Monash University
monash_7009.pdf (898.46 kB)

Gender, Race and Promotion in the U.S. Civil Service: A Comparative Study of Two Cohorts of Employees Entering the Civil Service in 1978 and 1988

Download (898.46 kB)
journal contribution
posted on 2017-06-08, 07:16 authored by Rich, Judith
This paper reports the results of a study of promotions and salary outcomes in the U.S. Federal Civil Service using a Logit model and OLS regression analysis.The analysis finds that while women have a higher probability of promotion than men, they start on lower salaries and gain less from promotions than men. This could well be due to the negative influence of clerical occupations for women and the positive impact of professional and administative jobs for men. Whites have a higher probability of promotion than blacks, start on higher salaries and gain more from promotion (in monetary terms). Blue-collar and technical occupations contributed to the race effect. The longer the duration of service and, by 1988,the more educated the employee the higher the probability of promotion and the higher initial salary and salary gain. Age, while having a positive impact on salaries, had a negative impact on promotion probability.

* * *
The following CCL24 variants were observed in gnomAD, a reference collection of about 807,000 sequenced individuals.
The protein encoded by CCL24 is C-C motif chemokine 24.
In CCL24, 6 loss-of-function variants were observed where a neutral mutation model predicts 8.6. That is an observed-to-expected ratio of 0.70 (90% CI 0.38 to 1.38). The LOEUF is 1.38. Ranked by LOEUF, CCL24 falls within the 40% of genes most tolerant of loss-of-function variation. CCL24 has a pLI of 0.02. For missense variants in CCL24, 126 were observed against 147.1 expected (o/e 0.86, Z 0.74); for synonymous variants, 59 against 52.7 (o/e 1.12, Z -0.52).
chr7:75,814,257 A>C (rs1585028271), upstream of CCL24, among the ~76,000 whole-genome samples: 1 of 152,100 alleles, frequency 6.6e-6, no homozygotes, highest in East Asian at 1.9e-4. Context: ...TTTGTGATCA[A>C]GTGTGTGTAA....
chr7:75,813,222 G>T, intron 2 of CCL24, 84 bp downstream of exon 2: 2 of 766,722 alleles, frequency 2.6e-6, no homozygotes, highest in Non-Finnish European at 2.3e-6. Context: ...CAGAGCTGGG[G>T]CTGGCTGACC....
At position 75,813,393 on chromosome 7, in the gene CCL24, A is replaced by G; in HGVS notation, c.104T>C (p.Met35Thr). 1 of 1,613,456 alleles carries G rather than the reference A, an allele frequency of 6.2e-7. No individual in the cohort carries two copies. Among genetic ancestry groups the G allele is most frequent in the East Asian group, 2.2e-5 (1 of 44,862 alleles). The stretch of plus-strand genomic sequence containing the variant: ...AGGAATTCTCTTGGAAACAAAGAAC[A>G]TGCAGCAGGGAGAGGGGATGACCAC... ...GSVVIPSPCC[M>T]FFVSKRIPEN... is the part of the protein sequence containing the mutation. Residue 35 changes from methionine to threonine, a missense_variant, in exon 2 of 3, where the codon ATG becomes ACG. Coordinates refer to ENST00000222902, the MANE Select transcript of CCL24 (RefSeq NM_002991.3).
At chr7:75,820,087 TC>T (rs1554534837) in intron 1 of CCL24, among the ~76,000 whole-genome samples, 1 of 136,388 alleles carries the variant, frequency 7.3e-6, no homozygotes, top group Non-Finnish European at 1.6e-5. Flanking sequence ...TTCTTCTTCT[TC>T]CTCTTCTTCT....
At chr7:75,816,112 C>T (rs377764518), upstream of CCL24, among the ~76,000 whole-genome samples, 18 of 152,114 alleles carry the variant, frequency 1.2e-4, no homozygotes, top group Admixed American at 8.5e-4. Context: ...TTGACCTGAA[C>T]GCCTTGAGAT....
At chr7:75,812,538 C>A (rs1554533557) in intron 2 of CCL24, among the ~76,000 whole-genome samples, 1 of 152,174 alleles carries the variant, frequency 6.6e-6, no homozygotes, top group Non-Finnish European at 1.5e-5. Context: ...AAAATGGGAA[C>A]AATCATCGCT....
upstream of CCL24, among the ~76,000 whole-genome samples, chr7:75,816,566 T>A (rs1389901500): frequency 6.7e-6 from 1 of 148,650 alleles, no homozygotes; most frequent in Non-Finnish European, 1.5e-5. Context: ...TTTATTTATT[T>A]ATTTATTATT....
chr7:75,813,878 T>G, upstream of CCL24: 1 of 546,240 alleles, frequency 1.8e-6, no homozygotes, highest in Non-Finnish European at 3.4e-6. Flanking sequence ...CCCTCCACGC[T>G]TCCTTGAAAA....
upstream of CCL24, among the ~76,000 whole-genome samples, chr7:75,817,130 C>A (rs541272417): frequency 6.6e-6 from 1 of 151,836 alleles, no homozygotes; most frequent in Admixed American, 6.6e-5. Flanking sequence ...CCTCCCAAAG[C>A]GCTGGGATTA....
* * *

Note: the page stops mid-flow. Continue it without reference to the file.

Year of first publication



Department of Economics.

Usage metrics


    No categories selected